There is a very real danger that any efforts to renegotiate NAFTA could make it much worse, including for food and farm systems, if negotiators rely on new proposals from other failed trade deals. TPP provisions to tighten agribusiness controls over seeds and plant varieties or to speed up approvals of imports of biotechnology products using data hidden as confidential business information would give farmers fewer options over their seeds. Similarly, "innovations" on regulatory cooperation in the stalled Transatlantic Trade and Investment Partnership (TTIP) would undermine local efforts to ban toxic pesticides or to clean up noxious manure lagoons from factory farms.
If, in fact, we want better deals, we need new rules. U.S. groups such as the National Family Farm Coalition, Rural Coalition, National Farmers Union, Western Organization of Resource Councils, Food & Water Watch, and the Institute for Agriculture and Trade Policy have come together to discuss what really should be on the agenda if NAFTA were to be replaced with a different agreement with the goal of increasing living standards in all three countries. These conversations are happening in Mexico and Canada as well.
It's hard to be optimistic that NAFTA renegotiations will go well. A key early indication will be whether the Trump administration continues the current practice of secretive negotiations among corporate advisors or if it begins with a thorough, open, and democratic assessment of NAFTA that involves both rural and urban communities, including farmers. If the agreement includes provisions related to agriculture, the overall goal should be to support fair and sustainable rural economies and food supplies.
A Better Deal for Farmers and Consumers
Trade and farm policy go hand in hand. Both should ensure that farmers are paid fairly for their crops and livestock. The current U.S. Farm Bill is almost entirely geared to growth in international exports in order to raise incomes for farmers -- an approach that has dramatically failed, with farmers now experiencing the third consecutive year of low prices. Discussions on the Farm Bill will likely heat up in 2017, but in the meantime, the U.S. could stop trying to dismantle other countries' efforts to support their farming communities. These issues are mainly being debated at the World Trade Organization, but frank discussions with NAFTA partners on more sensible joint approaches for food reserves or other efforts to minimize wild swings in prices or supplies would be a welcome step.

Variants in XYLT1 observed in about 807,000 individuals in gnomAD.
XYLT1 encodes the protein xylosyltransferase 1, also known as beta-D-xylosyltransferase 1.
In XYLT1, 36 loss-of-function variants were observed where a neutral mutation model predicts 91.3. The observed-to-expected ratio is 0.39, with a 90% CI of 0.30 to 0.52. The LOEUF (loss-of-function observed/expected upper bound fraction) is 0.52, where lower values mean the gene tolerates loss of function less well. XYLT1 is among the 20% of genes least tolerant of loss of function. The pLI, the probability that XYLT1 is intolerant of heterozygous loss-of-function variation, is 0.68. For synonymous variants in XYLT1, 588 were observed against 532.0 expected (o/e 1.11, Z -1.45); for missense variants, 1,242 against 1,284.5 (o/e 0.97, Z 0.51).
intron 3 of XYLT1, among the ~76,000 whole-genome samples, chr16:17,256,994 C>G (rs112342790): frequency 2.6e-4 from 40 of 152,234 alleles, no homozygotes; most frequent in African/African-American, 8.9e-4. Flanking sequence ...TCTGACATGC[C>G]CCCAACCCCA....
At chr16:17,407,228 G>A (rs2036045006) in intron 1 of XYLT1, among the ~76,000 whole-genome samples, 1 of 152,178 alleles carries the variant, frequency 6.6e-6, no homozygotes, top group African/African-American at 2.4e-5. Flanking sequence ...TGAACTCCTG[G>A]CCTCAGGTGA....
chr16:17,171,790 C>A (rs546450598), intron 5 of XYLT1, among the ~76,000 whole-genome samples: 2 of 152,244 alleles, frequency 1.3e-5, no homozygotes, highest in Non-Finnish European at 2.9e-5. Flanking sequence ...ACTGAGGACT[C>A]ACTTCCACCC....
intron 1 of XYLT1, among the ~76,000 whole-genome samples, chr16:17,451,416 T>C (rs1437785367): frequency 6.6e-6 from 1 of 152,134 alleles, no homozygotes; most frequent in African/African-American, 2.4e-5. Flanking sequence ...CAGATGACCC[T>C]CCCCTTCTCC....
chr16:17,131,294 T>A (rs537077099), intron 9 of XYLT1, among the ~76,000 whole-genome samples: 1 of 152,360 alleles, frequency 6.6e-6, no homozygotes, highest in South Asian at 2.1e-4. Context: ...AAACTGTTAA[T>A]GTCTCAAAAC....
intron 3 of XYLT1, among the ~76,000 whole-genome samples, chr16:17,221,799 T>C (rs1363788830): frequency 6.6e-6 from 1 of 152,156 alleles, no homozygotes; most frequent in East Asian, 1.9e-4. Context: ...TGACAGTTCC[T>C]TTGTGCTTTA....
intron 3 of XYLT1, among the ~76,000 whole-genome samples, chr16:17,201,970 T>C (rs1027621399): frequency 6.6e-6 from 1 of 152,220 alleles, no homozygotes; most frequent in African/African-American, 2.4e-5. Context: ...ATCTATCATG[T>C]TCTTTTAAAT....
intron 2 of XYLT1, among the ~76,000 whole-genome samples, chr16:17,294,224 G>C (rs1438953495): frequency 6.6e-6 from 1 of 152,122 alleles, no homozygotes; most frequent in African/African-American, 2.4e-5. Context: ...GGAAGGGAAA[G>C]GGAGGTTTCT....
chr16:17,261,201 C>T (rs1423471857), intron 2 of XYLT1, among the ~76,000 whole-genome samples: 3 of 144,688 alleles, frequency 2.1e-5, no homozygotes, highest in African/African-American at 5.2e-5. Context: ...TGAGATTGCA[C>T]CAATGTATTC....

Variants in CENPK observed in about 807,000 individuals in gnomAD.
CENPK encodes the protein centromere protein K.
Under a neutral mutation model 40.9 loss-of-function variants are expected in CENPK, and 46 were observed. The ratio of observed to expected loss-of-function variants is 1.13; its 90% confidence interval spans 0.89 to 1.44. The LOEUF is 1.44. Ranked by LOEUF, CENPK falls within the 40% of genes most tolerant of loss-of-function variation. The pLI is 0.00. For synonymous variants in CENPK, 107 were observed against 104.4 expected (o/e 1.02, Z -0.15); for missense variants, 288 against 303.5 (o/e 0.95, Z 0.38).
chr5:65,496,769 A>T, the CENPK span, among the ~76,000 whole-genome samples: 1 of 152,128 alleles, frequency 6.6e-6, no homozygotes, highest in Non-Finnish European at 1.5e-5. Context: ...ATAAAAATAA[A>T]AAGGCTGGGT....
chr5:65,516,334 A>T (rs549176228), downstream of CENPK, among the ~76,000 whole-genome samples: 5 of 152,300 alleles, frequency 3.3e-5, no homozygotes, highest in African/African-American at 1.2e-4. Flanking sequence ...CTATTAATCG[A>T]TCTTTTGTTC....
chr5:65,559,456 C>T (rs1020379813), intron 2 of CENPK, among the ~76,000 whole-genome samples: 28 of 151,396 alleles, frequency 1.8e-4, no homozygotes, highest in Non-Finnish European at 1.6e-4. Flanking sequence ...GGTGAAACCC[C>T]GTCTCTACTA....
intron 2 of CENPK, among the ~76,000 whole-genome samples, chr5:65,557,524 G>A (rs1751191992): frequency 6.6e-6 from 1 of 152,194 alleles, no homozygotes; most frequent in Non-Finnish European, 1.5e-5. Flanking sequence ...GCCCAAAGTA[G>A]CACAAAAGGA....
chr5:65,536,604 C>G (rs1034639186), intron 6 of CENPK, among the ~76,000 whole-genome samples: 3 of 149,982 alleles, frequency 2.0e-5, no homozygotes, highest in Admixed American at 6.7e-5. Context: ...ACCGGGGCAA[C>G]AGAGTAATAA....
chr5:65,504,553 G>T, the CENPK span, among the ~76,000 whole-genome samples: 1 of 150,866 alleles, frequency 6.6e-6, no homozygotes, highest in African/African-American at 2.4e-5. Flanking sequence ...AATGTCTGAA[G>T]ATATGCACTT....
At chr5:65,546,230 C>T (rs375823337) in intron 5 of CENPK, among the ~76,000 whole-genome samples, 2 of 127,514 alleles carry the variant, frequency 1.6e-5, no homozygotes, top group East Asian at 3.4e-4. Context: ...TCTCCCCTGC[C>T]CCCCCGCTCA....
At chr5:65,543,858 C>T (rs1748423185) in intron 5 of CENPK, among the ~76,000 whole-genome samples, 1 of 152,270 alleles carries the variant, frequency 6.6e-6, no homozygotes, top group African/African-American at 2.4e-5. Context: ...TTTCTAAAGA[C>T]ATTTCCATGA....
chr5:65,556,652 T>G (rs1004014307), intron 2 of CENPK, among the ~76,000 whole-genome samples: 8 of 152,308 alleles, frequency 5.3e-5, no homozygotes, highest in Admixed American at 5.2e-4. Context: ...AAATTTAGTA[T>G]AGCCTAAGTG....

The U.S. could also press its NAFTA partners to abandon their challenges to Country of Origin Labeling for meat. A pledge to take on this issue appeared in early drafts of Trump's NAFTA plans, but seems to have been discarded for now. Canada and Mexico won a WTO challenge of a U.S. program that required the same kinds of disclosure typically required for fruits and vegetables. A survey commissioned by the Consumer Federation of America found that 90 percent of Americans want to know where their meat is from. Accurate information is an essential component of well-functioning markets. Current trade rules prioritize trade flows over consumers' right to know what's in their food. That simply has to stop.
It's easier to see what needs to be removed from current trade policy than to see how the trade rules themselves can proactively help advance food security and rural livelihoods. Most of the reforms that need to happen in our food system -- whether in a community, a nation, or on the global scale -- must start with local conditions and priorities. This will become increasing clear as climate change destabilizes weather, disrupting global supply chains and making massive, single-crop production more vulnerable. A recent study co-authored by an MIT economist found that increasing crop diversity within countries is likely to be much more important in confronting climate change than relying on trade to make up for declining productivity. The idea that we should build up from what farmers know about their soil, weather, and local markets to feed their families and their nations is at the center of the global movement for food sovereignty. Trade policy should support that process, not create new obstacles.
It is impossible to know now whether Trump's campaign promise to renegotiate NAFTA will result in any substantial improvements, and there's every reason to question what the three governments might eventually decide to do. But there is also no reason for the civil society movements that defeated the TPP to allow other interests to set the agenda on NAFTA.
Article: Courtesy Foreign Policy in Focus.